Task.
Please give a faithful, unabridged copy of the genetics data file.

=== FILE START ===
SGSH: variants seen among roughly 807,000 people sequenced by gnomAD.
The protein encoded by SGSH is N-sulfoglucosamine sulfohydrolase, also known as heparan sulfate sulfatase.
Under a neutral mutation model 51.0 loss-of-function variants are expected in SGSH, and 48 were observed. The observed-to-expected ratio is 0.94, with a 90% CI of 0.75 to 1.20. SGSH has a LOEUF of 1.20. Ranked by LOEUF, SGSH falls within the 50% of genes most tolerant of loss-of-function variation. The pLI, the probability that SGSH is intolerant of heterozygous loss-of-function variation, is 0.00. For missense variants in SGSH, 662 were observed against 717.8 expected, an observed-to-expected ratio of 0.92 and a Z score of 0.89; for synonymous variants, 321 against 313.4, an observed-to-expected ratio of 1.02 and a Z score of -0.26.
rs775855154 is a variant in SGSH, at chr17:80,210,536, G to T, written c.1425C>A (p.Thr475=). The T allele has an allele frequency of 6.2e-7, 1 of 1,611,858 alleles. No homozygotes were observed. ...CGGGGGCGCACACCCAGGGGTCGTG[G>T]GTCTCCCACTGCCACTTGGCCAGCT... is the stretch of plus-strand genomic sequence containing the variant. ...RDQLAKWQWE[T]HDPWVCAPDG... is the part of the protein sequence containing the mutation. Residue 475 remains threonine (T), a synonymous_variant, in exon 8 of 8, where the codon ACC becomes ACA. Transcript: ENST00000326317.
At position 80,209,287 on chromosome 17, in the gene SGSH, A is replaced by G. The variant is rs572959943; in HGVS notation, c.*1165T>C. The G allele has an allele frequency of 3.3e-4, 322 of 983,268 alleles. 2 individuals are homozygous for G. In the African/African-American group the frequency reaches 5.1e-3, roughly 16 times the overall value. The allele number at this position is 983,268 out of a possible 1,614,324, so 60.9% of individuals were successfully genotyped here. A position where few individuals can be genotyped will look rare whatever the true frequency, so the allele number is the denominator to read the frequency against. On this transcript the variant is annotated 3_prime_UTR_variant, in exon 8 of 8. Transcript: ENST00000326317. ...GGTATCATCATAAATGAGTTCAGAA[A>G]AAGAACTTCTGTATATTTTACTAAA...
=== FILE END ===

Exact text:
SGSH: variants seen among roughly 807,000 people sequenced by gnomAD.
The protein encoded by SGSH is N-sulfoglucosamine sulfohydrolase, also known as heparan sulfate sulfatase.
Under a neutral mutation model 51.0 loss-of-function variants are expected in SGSH, and 48 were observed. The observed-to-expected ratio is 0.94, with a 90% CI of 0.75 to 1.20. SGSH has a LOEUF of 1.20. Ranked by LOEUF, SGSH falls within the 50% of genes most tolerant of loss-of-function variation. The pLI, the probability that SGSH is intolerant of heterozygous loss-of-function variation, is 0.00. For missense variants in SGSH, 662 were observed against 717.8 expected, an observed-to-expected ratio of 0.92 and a Z score of 0.89; for synonymous variants, 321 against 313.4, an observed-to-expected ratio of 1.02 and a Z score of -0.26.
rs775855154 is a variant in SGSH, at chr17:80,210,536, G to T, written c.1425C>A (p.Thr475=). The T allele has an allele frequency of 6.2e-7, 1 of 1,611,858 alleles. No homozygotes were observed. ...CGGGGGCGCACACCCAGGGGTCGTG[G>T]GTCTCCCACTGCCACTTGGCCAGCT... is the stretch of plus-strand genomic sequence containing the variant. ...RDQLAKWQWE[T]HDPWVCAPDG... is the part of the protein sequence containing the mutation. Residue 475 remains threonine (T), a synonymous_variant, in exon 8 of 8, where the codon ACC becomes ACA. Transcript: ENST00000326317.
At position 80,209,287 on chromosome 17, in the gene SGSH, A is replaced by G. The variant is rs572959943; in HGVS notation, c.*1165T>C. The G allele has an allele frequency of 3.3e-4, 322 of 983,268 alleles. 2 individuals are homozygous for G. In the African/African-American group the frequency reaches 5.1e-3, roughly 16 times the overall value. The allele number at this position is 983,268 out of a possible 1,614,324, so 60.9% of individuals were successfully genotyped here. A position where few individuals can be genotyped will look rare whatever the true frequency, so the allele number is the denominator to read the frequency against. On this transcript the variant is annotated 3_prime_UTR_variant, in exon 8 of 8. Transcript: ENST00000326317. ...GGTATCATCATAAATGAGTTCAGAA[A>G]AAGAACTTCTGTATATTTTACTAAA...